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Liscomb v. Boyce

United States District Court, E.D. Arkansas, Jonesboro Division

January 9, 2018

BLAKE LISCOMB PLAINTIFF
v.
HENRY BOYCE, et al. DEFENDANTS

          ORDER

         Defendants' motions to dismiss [Doc. Nos. 31, 36, 34] are granted. Defendant Boyce's motion for a protective order [Doc. No. 42] is denied as moot. Plaintiff Liscomb's motion to amend the amended complaint [Doc. No. 47] is denied as futile.

         I. BACKGROUND

         Although the facts are somewhat difficult to understand, it appears that plaintiff Blake Liscomb, a former employee of the Lawrence County Sheriff's Office brings this lawsuit against defendants Henry Boyce, the Prosecuting Attorney for the Third Judicial District of Arkansas; Jeff Floyd; and Tony Anglin. Liscomb alleges that Boyce retaliated against him after Liscomb filed a lawsuit against the Sheriff's Office seeking overtime pay. Specifically, Liscomb claims that Boyce (1) prevented Liscomb from being hired for a position on the Drug Task Force, and (2) improperly filed criminal theft charges against Liscomb. Liscomb asserts that Floyd and Anglin conspired with Boyce to falsely implicate Liscomb in that criminal case. The facts, as alleged in the complaint, are as follows:

         Liscomb was employed by the Sheriff's Office as a canine officer between March 2010 and August 2013. Two years after his termination in August 2013, Liscomb filed a lawsuit against the Sheriff's Office and Lawrence County seeking overtime pay. Liscomb v. Yates, Case No. 3:15-CV-00280-JLH, ECF No. 1 (E.D. Ark. Sept. 11, 2015).

         While the lawsuit was pending, Liscomb met with Boyce concerning a new position on the Drug Task Force. Boyce told Liscomb that if the overtime lawsuit against the county was dismissed, Liscomb would be hired for the position. Acting on this promise, Liscomb agreed to settle the case. Boyce, however, still refused to hire Liscomb after the settlement.

         Boyce also charged Liscomb with criminal theft when an automotive transmission worth $1, 200, belonging to defendant Floyd, was found in a car allegedly owned by Liscomb. Liscomb asserts that this criminal case was meritless and merely “an attempt to intimidate the Plaintiff from pursuing his claims, acting in concert with the Lawrence County Sheriff.” Second Am. Compl., Doc. No. 28, ¶ 14. Boyce asked the state police to inform his current and prospective employers about the criminal charge and contacted the media to publish the charging instruments.

         Moreover, defendants Floyd and Anglin conspired with Boyce to falsely implicate Liscomb in the theft. At Floyd's urging, Anglin trespassed on Liscomb's land to observe the allegedly stolen transmission and later “present[ed] false testimony simply to smear Plaintiff's name and his lawsuit” at Liscomb's trial. Id. at ¶ 59. Liscomb was ultimately acquitted.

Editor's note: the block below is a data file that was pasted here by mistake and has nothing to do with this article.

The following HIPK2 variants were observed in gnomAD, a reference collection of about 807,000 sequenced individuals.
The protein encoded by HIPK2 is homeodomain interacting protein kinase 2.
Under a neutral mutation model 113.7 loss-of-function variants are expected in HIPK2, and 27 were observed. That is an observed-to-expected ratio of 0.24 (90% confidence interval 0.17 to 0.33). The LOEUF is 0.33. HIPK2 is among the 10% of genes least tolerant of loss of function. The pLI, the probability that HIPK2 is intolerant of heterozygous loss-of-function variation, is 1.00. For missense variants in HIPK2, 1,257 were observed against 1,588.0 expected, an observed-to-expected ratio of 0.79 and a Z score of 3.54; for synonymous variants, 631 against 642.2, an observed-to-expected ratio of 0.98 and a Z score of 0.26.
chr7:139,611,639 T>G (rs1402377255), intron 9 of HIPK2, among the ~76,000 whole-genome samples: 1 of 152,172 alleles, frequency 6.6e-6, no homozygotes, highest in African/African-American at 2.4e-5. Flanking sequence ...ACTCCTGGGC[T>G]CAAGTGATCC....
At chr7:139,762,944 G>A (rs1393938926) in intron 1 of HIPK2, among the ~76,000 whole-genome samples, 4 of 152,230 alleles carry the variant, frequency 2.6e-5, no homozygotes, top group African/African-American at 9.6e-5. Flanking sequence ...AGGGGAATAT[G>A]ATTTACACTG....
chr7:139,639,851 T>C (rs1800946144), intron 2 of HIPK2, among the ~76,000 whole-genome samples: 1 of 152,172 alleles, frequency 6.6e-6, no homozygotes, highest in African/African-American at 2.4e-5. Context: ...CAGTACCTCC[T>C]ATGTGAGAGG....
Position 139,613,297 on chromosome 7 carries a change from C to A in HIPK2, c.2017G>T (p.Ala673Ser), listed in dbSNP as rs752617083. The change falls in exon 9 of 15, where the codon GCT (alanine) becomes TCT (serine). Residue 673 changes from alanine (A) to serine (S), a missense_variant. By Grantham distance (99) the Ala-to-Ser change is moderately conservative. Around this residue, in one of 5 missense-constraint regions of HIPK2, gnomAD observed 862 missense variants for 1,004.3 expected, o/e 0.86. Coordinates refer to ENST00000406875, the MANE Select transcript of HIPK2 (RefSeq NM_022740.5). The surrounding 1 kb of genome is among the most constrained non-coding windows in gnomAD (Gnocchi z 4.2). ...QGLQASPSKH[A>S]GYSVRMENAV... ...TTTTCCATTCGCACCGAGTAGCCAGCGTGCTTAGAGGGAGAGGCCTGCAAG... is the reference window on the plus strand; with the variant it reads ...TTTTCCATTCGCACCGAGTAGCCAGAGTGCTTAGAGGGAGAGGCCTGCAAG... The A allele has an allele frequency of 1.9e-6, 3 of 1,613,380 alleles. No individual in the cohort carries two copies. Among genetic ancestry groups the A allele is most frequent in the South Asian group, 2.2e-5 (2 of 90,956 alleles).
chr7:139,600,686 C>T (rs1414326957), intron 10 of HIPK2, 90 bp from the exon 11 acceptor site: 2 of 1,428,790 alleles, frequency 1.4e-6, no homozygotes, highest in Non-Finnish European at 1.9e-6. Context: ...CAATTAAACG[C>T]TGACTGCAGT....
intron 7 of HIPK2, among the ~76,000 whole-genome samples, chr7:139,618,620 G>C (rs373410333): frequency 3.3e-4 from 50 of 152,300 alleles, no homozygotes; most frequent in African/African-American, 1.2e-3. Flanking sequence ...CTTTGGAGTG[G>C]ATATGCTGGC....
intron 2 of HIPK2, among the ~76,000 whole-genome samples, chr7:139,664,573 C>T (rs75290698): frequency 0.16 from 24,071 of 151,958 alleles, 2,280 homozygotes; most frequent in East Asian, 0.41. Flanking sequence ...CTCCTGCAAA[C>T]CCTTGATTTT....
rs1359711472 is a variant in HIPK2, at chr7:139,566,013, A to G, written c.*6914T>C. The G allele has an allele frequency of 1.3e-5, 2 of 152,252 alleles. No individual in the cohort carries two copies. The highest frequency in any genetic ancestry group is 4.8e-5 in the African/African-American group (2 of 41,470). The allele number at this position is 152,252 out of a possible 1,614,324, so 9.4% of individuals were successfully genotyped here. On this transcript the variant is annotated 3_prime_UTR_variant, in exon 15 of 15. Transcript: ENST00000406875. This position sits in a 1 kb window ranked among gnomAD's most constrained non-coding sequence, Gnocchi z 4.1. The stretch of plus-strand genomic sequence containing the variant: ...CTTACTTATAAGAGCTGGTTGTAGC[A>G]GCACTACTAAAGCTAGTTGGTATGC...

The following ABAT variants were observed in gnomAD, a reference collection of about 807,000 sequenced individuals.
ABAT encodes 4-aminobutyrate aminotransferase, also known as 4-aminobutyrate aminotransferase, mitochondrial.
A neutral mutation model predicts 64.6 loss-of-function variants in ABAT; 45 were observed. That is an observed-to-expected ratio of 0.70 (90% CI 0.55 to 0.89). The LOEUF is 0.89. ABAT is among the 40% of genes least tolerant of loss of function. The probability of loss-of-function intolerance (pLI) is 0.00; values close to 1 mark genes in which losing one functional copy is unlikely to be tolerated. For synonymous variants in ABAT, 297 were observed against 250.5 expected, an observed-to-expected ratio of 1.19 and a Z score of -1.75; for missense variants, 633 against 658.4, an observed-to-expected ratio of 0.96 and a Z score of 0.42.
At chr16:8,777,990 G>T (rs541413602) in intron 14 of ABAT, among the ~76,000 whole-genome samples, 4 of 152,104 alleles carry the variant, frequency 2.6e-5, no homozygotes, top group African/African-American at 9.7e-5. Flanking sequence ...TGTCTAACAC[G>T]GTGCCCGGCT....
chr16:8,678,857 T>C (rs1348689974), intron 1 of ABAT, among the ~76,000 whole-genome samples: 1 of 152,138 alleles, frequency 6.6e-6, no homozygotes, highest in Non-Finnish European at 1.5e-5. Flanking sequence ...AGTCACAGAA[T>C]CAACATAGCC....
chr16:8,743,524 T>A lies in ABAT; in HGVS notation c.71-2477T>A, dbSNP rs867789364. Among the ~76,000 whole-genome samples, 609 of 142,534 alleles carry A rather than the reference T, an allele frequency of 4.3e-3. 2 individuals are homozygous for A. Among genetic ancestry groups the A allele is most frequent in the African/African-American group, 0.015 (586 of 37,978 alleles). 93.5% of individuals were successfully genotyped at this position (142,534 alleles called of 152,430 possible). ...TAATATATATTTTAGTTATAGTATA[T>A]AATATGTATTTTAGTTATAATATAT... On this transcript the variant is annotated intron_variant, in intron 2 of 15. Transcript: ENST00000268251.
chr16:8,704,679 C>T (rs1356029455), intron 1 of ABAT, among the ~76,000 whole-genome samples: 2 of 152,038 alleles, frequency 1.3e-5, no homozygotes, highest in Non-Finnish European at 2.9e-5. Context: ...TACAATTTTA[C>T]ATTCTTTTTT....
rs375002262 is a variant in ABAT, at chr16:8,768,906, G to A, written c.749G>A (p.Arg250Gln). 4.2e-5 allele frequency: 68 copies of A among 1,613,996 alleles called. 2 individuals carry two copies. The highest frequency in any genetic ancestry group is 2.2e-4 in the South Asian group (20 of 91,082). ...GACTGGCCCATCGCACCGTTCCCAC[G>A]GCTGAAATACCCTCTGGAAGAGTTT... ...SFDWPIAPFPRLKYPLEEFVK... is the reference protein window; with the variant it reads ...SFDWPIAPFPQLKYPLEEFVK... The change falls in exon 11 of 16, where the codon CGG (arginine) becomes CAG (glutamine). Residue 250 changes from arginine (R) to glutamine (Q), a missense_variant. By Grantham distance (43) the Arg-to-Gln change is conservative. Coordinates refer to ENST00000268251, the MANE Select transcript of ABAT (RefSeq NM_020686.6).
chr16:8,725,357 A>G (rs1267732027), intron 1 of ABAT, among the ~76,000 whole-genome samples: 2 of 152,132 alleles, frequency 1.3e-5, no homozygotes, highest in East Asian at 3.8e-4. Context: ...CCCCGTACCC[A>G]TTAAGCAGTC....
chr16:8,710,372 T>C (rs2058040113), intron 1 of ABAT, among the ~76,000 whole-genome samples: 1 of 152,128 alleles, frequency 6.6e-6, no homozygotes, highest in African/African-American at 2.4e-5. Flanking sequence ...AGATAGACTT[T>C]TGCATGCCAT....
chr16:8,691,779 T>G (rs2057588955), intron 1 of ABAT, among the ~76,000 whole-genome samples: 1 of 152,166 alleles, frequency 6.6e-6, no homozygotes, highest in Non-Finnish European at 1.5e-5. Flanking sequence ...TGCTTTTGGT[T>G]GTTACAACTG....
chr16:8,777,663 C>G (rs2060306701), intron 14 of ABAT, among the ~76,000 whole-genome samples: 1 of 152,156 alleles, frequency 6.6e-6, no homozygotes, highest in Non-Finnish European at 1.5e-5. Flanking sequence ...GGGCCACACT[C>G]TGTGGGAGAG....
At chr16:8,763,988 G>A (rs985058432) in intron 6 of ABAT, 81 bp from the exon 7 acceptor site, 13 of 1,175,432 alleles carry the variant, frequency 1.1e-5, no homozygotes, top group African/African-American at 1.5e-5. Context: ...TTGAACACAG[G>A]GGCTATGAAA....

Liscomb asserts that defendants violated a number of his constitutional and statutory rights, including those under the Fair Labor Standards Act (“FLSA”), 29 U.S.C. section 201, et seq.; the Arkansas Minimum Wage Act (“AMWA”), Ark. Code Ann. section 11-4-210, et seq.; and the Arkansas Civil Rights Act (“ACRA”), Ark. Code Ann. section 16-123-101, et seq. He further alleges that defendants conspired, in violation of 42 U.S.C. sections 1985 and 1986, to falsify testimony in a criminal proceeding. Liscomb also complains that defendants committed abuse of process, malicious prosecution, and trespass.

         II. LEGAL STANDARD

         Rule 12(b)(6) permits dismissal when the plaintiff fails to state a claim upon which relief may be granted. To meet the 12(b)(6) standard, a complaint must allege sufficient facts to entitle the plaintiff to the relief sought. See Ashcroft v. Iqbal, 556 U.S. 662, 663 (2009); Bell Atl. Corp. v. Twombly, 55 U.S. 544 (2007). Although detailed factual allegations are not required, threadbare recitals of the elements of a cause of action, supported by mere conclusory statements, are insufficient. Iqbal, 556 U.S. at 663. In ruling on a motion to dismiss, all well-plead allegations in the complaint must be accepted as true and construed in the light most favorable to the plaintiff. Id.

         Although Rule 15(a) provides a liberal standard for amending pleadings, denials of motions to amend are proper when the proposed amendments would be futile. See Zutz v. Nelson, 601 F.3d 842, 850 (8th Cir. 2010). An amendment is futile if it could not survive a motion to dismiss, meaning it does not contain sufficient facts to state a plausible claim to relief. See Iqbal, 556 U.S. at 678.

         III. DISCUSSION

         A. Claims Against Boyce

         At the outset, Liscomb seeks leave to amend his complaint [Doc. No. 47] to allege with greater specificity that Boyce's approval was necessary to be hired to the Drug Task Force. Even if Boyce had ultimate authority over hiring for the Drug Task Force, Liscomb's claims still cannot survive a ...


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